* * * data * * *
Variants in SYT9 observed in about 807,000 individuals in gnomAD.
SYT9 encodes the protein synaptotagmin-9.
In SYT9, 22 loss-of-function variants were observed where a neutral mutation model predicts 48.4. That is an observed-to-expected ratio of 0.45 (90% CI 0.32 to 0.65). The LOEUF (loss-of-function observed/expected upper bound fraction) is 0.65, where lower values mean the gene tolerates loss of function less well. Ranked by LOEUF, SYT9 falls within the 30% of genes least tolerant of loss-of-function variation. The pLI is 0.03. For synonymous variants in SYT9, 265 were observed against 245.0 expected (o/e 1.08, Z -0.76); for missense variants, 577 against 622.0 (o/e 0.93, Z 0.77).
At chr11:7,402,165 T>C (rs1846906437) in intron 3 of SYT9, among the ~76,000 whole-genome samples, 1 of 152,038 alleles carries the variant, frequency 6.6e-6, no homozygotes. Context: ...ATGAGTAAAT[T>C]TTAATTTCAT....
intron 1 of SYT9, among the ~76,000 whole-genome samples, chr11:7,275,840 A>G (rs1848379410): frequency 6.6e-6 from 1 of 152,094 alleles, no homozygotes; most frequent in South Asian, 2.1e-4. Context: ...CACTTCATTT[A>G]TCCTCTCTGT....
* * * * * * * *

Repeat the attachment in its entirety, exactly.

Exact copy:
Variants in SYT9 observed in about 807,000 individuals in gnomAD.
SYT9 encodes the protein synaptotagmin-9.
In SYT9, 22 loss-of-function variants were observed where a neutral mutation model predicts 48.4. That is an observed-to-expected ratio of 0.45 (90% CI 0.32 to 0.65). The LOEUF (loss-of-function observed/expected upper bound fraction) is 0.65, where lower values mean the gene tolerates loss of function less well. Ranked by LOEUF, SYT9 falls within the 30% of genes least tolerant of loss-of-function variation. The pLI is 0.03. For synonymous variants in SYT9, 265 were observed against 245.0 expected (o/e 1.08, Z -0.76); for missense variants, 577 against 622.0 (o/e 0.93, Z 0.77).
At chr11:7,402,165 T>C (rs1846906437) in intron 3 of SYT9, among the ~76,000 whole-genome samples, 1 of 152,038 alleles carries the variant, frequency 6.6e-6, no homozygotes. Context: ...ATGAGTAAAT[T>C]TTAATTTCAT....
intron 1 of SYT9, among the ~76,000 whole-genome samples, chr11:7,275,840 A>G (rs1848379410): frequency 6.6e-6 from 1 of 152,094 alleles, no homozygotes; most frequent in South Asian, 2.1e-4. Context: ...CACTTCATTT[A>G]TCCTCTCTGT....